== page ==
10 Oct 2013

The oil and gas industry hopes in the wake of the federal election Australia is entering a new period of policy clarity.

There is a growing need for a constructive and stable approach to policy development and implementation. We cannot afford an ad hoc or short-term approach to policy. At a time of global uncertainties and volatile financial markets, it is more vital than ever that Australia’s policy environment encourages investment and enhances national competiveness.

Australia’s natural gas industry is investing almost $200 billion in projects across the country.

Modelling by Deloitte Access Economics shows that last year the industry was responsible for more than 100,000 jobs across Australia, put about $30 billion into the national economy and paid almost $8 billion in tax.

And this contribution to national prosperity, regional development and energy security will grow even further. According to Deloitte Access Economics, based on projects committed and under construction, in 2020 the Australian industry will contribute $64.7 billion value added to the national economy, and deliver more than $13 billion a year in royalties and taxes.

At a time when government spending demands are outstripping revenues, that equates to the funding needs of more than 25,000 public hospital beds, or enough to cover the annual education costs of 1 million students in government primary schools.

This calculation is based on projects that are already approved or considered highly likely to proceed.

The industry’s contribution could be even greater if still more projects are approved and built.

Deloitte Access Economics estimates that in 2020, the industry could be contributing more than $90 billion in value added to the national economy and paying $18 billion in taxes and royalties.

But this will only happen if more large oil and gas projects are approved and built. And there are real reasons for concern that threats are now emerging to the liquefied natural gas industry’s plans for further investment and development.

Australia’s regulatory processes for approving projects have become increasingly inefficient and access to oil and gas resources is now subject to ever more restrictions. And all of this is happening at a time when we face strong competition from emerging LNG competitors in North America and East Africa.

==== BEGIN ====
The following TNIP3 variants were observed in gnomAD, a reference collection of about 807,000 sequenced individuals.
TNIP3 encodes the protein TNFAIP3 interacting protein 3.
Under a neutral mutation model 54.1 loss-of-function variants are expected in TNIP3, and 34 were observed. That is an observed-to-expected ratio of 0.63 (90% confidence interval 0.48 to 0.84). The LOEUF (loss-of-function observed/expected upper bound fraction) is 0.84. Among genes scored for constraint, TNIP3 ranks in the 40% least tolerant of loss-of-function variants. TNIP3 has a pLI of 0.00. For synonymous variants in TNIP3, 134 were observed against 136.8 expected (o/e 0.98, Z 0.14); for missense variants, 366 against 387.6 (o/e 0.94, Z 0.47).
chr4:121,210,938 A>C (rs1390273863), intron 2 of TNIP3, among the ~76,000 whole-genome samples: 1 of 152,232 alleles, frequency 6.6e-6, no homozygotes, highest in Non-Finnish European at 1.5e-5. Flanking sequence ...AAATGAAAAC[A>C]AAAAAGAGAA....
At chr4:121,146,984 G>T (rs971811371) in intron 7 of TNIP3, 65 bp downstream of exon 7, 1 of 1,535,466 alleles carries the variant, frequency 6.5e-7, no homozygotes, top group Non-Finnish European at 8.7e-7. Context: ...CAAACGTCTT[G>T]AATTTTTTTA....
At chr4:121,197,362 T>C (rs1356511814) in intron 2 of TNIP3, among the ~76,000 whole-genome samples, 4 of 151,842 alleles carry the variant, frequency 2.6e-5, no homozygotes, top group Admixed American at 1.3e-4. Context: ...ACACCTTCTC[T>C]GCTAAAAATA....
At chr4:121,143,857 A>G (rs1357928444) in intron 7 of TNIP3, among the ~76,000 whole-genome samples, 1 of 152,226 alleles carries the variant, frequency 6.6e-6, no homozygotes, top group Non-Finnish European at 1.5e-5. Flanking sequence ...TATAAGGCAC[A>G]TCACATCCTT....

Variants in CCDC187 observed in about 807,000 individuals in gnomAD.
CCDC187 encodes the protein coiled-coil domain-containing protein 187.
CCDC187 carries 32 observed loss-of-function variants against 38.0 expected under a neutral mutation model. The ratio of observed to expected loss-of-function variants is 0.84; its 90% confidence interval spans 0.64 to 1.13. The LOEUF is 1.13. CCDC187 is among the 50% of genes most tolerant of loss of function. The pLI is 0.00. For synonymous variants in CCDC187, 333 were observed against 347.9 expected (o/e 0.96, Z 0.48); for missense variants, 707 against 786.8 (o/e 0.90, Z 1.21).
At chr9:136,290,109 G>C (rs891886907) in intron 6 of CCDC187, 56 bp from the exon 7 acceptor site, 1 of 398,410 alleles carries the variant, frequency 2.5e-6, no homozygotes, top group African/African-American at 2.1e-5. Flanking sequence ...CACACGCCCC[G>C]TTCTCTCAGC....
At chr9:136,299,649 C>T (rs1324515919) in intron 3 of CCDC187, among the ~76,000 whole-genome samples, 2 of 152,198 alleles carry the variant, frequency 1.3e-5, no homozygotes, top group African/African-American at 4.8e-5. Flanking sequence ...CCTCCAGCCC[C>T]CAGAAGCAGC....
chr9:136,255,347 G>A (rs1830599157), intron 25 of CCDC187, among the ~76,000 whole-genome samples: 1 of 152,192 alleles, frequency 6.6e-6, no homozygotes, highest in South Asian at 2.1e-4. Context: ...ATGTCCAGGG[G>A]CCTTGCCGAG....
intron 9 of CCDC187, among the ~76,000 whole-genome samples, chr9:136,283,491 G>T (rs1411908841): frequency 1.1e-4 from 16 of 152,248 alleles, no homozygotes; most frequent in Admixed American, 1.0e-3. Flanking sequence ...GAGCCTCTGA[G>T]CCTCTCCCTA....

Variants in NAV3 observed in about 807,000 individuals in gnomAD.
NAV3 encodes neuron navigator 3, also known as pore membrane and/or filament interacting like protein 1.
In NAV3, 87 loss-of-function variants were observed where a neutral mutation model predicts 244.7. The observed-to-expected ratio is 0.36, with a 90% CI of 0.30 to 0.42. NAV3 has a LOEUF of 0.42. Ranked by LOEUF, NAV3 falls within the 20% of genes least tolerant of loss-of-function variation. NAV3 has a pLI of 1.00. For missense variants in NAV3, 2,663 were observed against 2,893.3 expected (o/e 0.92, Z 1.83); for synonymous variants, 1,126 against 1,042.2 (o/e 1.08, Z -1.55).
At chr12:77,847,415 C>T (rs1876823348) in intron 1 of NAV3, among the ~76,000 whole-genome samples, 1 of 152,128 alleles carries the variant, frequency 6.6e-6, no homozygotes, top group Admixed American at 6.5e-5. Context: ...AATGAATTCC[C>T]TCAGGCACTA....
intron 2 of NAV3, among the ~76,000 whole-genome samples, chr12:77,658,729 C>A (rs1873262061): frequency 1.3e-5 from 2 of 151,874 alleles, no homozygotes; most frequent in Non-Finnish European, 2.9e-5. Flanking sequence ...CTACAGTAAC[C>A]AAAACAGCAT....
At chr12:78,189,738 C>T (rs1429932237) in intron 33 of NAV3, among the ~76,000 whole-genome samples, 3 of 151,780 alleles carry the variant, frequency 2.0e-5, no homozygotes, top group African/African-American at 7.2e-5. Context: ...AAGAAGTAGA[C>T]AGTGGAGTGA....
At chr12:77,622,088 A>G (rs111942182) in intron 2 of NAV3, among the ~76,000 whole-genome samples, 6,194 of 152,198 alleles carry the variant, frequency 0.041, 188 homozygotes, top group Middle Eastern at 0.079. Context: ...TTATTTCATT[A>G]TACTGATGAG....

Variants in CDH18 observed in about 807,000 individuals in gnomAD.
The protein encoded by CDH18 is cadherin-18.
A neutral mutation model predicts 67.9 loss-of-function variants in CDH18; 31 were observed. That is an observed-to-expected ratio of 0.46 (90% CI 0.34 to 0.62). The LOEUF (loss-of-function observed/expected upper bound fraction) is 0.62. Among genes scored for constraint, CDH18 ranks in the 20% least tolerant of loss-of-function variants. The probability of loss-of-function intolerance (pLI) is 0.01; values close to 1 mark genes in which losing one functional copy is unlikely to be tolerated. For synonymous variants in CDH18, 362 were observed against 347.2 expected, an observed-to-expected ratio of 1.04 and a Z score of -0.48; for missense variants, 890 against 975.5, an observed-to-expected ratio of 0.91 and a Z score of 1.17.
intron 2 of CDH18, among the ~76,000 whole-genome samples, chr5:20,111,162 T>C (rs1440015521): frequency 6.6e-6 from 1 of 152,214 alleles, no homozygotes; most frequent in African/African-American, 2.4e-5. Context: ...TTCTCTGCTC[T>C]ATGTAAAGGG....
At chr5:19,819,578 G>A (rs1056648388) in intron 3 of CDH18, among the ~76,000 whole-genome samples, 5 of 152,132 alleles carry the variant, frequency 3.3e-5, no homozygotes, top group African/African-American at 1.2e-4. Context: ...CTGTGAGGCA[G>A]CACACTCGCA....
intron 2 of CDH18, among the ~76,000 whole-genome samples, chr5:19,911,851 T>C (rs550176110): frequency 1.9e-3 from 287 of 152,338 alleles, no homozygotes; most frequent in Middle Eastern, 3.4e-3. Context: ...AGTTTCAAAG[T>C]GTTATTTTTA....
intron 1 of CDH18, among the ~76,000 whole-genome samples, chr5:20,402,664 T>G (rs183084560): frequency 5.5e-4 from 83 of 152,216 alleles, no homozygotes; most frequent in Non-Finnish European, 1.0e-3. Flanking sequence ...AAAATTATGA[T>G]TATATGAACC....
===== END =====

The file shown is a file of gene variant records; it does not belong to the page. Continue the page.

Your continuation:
Australia’s attractiveness as a place to invest is under enormous pressure. Unless the next Parliament can work with industry to rectify this, the next generation of Australian LNG projects may never be built.

To maximise investment, jobs growth and tax revenue, the new government must commit to policies that pursue more export sales while also delivering more gas domestically to households and factories. The next Parliament must:

  1. Deliver a stable, predictable and competitive taxation regime that encourages investment and avoids shocks or surprises.
  2. Resist calls for energy policy interventions that force non-commercial outcomes – and show leadership to state and territory governments to do the same.
  3. Deliver regulation based on sound scientific principles, real-life operational practices and transparent assessment – and show leadership to state and territory governments to do the same.
  4. Resolve the problem of duplication of green tape and red tape across jurisdictions. It is adding to the time required to develop projects, adding to the costs of developments and adding to the risks faced by investors.
  5. Address the need for providing a skilled workforce for Australian energy developments through training and continuing access to overseas labour markets.

Developing new gas supplies is absolutely critical if Australia wants to put downward pressure on energy prices, meaningfully reduce greenhouse gas emissions, and bring on the next wave of Australia’s prosperity.